[ragel-users] BUG while processing import directive

ragel-user at jgoettgens.de ragel-user at jgoettgens.de
Tue Jul 19 17:15:51 UTC 2011


some patches apply to the Windows OS in general, which is handled by _WIN32. 
Even if you compile Ragel using mingw, _WIN32 might be defined. _MSC_VER 
applies only to the Microsoft C/C++ compiler and its specific runtime 
library. The runtime libraries of the other C/C++ compilers might or might 
not show subtle differences. In order to really clean up the code and one 
should first get all the other compilers (Microsoft, Intel, Digital Mars, 
GNU in mingw and cygwin flavor, Borland, ...), study their runtime libs and 
then make a decision about the preprocessor symbols. Also, runtime libs 
might be different for different compiler versions. Is it worth the effort?

The current MSC runtime libs more or less treat '/' and '\' equivalently, as 
do the GNU compilers, but assuming that '/' is generally supported is a bit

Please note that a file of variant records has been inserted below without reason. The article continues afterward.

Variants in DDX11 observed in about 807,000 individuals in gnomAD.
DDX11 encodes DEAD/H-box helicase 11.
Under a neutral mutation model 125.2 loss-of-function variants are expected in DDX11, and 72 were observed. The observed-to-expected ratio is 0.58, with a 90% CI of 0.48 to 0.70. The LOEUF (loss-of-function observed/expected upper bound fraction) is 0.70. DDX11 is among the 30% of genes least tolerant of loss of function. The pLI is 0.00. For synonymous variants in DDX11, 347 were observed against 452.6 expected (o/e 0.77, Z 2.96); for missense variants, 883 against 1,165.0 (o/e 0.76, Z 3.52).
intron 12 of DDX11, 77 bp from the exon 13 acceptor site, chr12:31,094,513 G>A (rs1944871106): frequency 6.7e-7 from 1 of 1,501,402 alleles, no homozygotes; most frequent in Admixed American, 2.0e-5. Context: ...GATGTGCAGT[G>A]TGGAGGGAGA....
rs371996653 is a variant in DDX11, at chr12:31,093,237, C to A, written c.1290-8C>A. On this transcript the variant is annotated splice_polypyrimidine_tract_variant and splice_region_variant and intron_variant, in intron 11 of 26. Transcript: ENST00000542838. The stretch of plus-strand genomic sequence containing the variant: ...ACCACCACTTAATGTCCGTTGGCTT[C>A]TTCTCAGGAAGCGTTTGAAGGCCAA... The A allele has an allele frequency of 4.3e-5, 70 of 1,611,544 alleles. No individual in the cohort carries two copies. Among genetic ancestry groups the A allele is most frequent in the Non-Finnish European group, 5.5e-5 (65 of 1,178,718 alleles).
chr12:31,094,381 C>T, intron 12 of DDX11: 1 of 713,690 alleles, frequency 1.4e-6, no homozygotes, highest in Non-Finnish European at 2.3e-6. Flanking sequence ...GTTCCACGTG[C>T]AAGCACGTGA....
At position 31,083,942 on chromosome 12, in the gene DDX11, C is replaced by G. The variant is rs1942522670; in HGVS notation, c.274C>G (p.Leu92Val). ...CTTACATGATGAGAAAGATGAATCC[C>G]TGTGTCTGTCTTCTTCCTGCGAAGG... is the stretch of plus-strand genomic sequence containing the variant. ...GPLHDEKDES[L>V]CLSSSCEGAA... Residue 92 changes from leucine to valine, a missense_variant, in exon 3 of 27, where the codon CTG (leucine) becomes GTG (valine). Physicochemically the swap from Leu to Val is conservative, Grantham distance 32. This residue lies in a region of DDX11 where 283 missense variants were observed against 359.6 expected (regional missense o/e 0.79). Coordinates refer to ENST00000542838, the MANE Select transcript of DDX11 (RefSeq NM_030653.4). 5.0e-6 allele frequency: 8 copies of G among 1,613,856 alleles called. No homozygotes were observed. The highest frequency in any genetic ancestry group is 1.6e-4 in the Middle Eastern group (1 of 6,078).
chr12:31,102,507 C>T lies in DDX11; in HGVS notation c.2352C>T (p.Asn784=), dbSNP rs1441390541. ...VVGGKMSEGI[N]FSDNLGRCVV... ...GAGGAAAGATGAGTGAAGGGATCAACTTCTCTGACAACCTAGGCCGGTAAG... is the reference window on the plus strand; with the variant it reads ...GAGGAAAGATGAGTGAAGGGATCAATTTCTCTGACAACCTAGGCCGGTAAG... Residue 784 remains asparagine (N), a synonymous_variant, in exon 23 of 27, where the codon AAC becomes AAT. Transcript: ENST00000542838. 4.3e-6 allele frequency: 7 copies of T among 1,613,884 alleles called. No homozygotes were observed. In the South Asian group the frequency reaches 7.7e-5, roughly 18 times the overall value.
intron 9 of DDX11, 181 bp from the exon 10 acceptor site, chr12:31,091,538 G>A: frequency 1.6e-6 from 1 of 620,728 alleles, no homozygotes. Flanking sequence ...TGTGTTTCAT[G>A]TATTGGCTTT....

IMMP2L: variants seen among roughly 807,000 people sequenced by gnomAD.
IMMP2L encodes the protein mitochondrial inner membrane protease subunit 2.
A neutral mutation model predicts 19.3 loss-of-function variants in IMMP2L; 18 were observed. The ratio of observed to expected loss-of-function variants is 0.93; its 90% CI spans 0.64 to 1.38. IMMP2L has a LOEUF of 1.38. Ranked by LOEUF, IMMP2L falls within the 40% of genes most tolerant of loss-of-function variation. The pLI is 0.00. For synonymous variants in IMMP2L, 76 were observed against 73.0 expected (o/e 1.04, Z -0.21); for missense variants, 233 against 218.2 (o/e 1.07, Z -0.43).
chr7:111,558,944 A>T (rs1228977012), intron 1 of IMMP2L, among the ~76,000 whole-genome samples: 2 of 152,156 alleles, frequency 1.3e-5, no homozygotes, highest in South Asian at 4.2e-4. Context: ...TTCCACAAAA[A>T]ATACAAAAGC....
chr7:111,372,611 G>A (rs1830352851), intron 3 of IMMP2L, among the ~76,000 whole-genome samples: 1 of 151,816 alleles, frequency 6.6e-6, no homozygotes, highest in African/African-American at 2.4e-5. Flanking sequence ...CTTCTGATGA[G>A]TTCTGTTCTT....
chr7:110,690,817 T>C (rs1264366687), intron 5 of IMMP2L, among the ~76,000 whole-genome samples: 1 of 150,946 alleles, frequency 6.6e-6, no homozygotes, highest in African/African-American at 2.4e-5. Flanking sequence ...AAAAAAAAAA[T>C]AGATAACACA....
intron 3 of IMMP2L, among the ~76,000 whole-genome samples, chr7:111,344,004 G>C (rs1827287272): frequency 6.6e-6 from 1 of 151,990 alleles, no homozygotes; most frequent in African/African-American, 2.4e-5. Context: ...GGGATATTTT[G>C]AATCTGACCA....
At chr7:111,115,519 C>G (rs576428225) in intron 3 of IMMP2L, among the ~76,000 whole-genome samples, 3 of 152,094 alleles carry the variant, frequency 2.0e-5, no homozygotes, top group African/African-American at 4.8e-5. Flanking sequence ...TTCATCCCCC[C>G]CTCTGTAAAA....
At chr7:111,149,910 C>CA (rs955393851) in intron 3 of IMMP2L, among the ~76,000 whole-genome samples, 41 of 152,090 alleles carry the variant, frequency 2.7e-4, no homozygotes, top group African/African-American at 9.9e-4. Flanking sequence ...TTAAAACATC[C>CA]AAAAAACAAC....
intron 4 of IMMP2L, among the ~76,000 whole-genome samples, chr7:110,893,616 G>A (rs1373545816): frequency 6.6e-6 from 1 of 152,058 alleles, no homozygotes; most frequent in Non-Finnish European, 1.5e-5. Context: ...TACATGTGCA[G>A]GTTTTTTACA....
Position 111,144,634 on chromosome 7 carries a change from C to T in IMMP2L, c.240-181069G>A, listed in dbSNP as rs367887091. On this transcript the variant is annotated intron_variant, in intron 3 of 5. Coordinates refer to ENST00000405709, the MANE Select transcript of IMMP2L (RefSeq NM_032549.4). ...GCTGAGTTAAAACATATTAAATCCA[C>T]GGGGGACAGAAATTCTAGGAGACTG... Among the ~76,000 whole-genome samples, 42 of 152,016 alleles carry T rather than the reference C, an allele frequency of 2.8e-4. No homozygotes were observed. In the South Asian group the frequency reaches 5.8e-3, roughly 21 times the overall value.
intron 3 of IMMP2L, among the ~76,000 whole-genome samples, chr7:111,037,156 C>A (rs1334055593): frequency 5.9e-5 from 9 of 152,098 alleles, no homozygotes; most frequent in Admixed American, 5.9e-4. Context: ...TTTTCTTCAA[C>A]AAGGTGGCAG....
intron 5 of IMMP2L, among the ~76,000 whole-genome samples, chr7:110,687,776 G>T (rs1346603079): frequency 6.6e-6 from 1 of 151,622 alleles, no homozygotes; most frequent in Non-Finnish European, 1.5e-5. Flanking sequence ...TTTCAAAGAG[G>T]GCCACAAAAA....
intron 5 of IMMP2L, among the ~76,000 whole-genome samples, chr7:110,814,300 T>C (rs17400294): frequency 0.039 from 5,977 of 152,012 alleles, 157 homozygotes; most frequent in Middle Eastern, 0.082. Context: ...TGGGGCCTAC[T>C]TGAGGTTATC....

naive. If the goal is to compile Ragel specs on a Windows machine, one can 
rely on the behavior of a specific runtime lib to reduce the amount of 
written code. If the goal is to make Ragel 100% cross platform, one should 
consider treating any path issues inside Ragel. Also, how do you want to 
handle code that comes from a Windows machine that gets ported to a POSIX 
environment? You probably have to allow '\' on Linux systems, too. That's a 
No-go. None of these considerations affect the generated code of the FSMs. 
So, is it worth the effort?

Once the basic source code is cross platform the next step is to make the 
build system cross platform, possibly using cmake. I would be willing to 
invest some time, but not because Ragel needs it, but because it is on my 
list of things to study. Again, the output of Ragel is not affected by this.

My suggestion for treating paths is to not allow native path seps if they 
differ from '/'. In rare cases names would need some patching in order to 
get a valid path for a specific platform. Currently, my patches for Windows 
could then be removed.


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